Is Your Physician in the Know?
Postural Orthostatic Tachycardia Syndrome or PoTS, is one tough condition, not just for the patients, but for the physicians as well. While thankfully it doesn’t kill, it can quite often make you feel like your life is being held hostage.
It can be a condition on its own or a comorbidity of another condition, such as Ehlers Danlos syndrome.
In its extreme, life-altering state, it’s pretty rare and extremely misunderstood. Recently the charity PoTS UK, teamed up with researchers and conducted the biggest ever survey of people—mainly women—living with the condition. The research, “A profile of patients with postural tachycardia syndrome and their experience of healthcare in the UK,” is published in the British Journal of Cardiology.
The article covered causes, symptoms and treatment options. You can find the whole survey here. Here are a few excerpts:
Postural tachycardia syndrome (PoTS) is a recently recognized condition that usually affects younger women, who develop symptoms of orthostatic intolerance and a persistent tachycardia on standing upright. Healthcare professionals, patients and the national patient support group (PoTS UK) together created a survey, and the responses of 779 UK PoTS patients were analyzed. The most common symptoms of PoTS at presentation were the triad of fatigue, lightheadedness and palpitations. Mobility, ability to work or attend education, and quality of life were significantly restricted. Cardiologists, followed by patients, were most likely to be the first to suggest the diagnosis of PoTS. Patients waited a mean of almost four years from presentation to obtain their diagnosis and, meantime, psychiatric mislabeling was common. Advice given to patients regarding lifestyle changes was variable, and those referred to specialist practitioners for help, found practitioners had limited knowledge about management of PoTS. Increased education of healthcare professionals and improved services for patients are recommended.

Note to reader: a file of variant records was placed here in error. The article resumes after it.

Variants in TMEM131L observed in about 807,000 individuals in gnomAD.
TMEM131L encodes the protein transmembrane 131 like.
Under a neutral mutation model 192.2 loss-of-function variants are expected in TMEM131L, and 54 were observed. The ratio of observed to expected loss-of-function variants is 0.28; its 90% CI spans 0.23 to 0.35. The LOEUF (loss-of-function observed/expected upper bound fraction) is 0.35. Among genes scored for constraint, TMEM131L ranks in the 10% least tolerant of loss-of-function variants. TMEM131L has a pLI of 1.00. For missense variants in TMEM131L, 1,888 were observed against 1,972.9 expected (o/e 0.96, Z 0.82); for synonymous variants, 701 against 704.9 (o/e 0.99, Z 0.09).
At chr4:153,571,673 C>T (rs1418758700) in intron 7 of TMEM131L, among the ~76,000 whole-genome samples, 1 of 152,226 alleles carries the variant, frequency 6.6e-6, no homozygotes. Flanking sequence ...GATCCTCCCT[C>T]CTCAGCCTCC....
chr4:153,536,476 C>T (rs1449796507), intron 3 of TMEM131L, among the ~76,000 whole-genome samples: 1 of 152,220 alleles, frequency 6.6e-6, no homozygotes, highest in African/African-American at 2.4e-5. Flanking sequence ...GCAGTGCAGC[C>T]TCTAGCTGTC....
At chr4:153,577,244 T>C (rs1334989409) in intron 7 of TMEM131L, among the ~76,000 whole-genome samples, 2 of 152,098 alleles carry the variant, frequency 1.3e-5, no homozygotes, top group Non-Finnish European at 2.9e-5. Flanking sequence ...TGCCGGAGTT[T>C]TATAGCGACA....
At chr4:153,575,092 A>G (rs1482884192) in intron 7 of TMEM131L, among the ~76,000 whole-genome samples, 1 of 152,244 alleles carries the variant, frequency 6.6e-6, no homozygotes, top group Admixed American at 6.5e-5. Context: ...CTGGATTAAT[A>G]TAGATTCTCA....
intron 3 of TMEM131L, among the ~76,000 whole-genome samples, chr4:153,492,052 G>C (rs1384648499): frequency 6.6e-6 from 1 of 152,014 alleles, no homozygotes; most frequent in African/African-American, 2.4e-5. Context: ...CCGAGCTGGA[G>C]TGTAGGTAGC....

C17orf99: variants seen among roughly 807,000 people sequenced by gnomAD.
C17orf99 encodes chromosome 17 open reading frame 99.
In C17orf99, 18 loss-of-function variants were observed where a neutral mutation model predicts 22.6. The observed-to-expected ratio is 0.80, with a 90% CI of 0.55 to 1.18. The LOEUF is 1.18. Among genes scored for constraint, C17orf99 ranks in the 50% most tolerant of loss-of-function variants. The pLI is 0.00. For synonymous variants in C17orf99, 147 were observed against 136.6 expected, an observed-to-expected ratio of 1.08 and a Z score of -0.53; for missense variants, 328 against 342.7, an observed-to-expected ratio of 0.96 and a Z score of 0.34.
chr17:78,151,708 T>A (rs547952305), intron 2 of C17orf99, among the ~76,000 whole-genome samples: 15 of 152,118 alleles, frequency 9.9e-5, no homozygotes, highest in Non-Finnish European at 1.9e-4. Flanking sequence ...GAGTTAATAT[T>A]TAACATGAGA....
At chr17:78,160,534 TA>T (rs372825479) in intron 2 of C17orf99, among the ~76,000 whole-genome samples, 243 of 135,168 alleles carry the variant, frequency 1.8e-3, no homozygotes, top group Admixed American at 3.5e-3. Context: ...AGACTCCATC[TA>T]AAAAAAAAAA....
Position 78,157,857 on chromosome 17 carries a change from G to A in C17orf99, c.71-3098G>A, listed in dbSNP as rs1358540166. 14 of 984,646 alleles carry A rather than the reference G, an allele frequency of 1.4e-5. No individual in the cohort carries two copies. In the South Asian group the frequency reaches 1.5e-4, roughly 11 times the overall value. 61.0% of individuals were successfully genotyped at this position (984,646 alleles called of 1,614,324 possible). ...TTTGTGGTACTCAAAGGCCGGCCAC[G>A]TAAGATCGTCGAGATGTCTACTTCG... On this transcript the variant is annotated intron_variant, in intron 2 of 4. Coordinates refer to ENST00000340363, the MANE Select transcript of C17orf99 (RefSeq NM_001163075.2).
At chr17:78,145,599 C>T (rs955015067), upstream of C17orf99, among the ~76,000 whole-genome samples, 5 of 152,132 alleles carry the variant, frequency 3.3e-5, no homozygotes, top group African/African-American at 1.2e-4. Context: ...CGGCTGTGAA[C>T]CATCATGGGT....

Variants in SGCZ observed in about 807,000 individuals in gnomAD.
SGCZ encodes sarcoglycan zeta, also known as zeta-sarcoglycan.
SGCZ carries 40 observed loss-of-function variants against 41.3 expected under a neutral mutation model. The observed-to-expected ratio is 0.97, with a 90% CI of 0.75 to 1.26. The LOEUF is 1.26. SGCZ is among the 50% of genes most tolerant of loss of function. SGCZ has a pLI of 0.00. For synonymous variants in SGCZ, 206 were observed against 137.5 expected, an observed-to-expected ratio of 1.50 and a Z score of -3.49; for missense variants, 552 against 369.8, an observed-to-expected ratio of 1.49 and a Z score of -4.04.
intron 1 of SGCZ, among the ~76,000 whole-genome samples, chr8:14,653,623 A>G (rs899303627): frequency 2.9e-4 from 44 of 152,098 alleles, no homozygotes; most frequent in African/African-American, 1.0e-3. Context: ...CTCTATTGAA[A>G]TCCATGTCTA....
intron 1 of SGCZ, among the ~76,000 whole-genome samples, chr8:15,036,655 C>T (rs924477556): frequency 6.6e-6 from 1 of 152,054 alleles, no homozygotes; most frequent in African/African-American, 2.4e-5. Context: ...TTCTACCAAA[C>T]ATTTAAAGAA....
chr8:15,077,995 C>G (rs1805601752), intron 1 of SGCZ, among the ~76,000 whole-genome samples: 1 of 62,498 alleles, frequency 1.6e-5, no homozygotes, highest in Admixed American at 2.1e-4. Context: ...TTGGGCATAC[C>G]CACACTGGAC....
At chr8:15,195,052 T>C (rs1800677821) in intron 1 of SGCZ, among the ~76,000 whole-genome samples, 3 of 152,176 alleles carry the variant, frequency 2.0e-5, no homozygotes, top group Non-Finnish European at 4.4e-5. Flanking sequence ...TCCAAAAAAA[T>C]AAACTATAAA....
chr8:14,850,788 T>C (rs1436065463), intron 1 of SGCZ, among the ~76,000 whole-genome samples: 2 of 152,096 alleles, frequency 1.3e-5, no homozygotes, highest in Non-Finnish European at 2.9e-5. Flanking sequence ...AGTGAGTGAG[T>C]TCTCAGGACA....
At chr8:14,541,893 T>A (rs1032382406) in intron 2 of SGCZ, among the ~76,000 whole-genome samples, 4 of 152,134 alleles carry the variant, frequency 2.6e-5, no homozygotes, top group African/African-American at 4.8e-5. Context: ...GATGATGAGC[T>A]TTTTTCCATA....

And this is key. Even if a health professional has heard of PoTS, their knowledge can be incomplete or based on faulty assumptions. Treatments can vary depending on whether your symptoms are blood pressure or cardiac arrhythmia driven, so a comprehensive understanding is crucial to managing the condition. The report says of PoTS:
Diagnosis is usually made by active stand test or tilt-table testing. Few treatments for PoTS have been tested in randomized-controlled trials. Patients are initially managed with increased fluid and salt intake to increase blood volume, avoidance of symptom triggers (heat, prolonged standing, alcohol, drugs that induce tachycardia or hypotension), small frequent meals (low in refined carbohydrates), graded exercise (initially in a horizontal position) and compression garments to reduce venous pooling. Drug treatment can be aimed at reducing tachycardia (low-dose beta blockers, ivabradine, pyridostigmine), vasoconstriction (midodrine), boosting blood volume (fludrocortisone, desmopressin) or for their sympatholytic effects in hyperadrenergic PoTS (clonidine, methyl dopa).
Interestingly, 92% of the survey respondents were female and half had an additional diagnosis, such as EDS. Many reported fatigue as one of the most debilitating symptoms. Physicians often call conditions like this ‘benign’ i.e., you don’t die from it. But we believe it to be anything but benign since it can be utterly life-altering. The report goes on to say:
In only 7% of cases did the GP suggest PoTS as a diagnosis. This may be due to lack of awareness in primary care about PoTS or the non-specific and multiple symptoms that are associated with PoTS. However, it is possible to undertake a 10-minute stand test in a consulting room, and perhaps this should be considered in patients with relevant medically unexplained symptoms or chronic fatigue, especially if there is a postural link to symptoms.
According to the survey, the impact of PoTS is considerable, with 23% becoming wheelchair users and 37% are unable to work. The most important recommendations in the survey report are education of health professionals and the need to improve accessible and relevant rehabilitation services.
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At Precision Vascular & Interventional Radiology, we feel we already know and understand this condition. This gives us a leg up in helping you get your life back if you have been diagnosed with or showing symptoms of PoTS. The expert doctors at Precision VIR can make recommendations to give you the best treatment possible.
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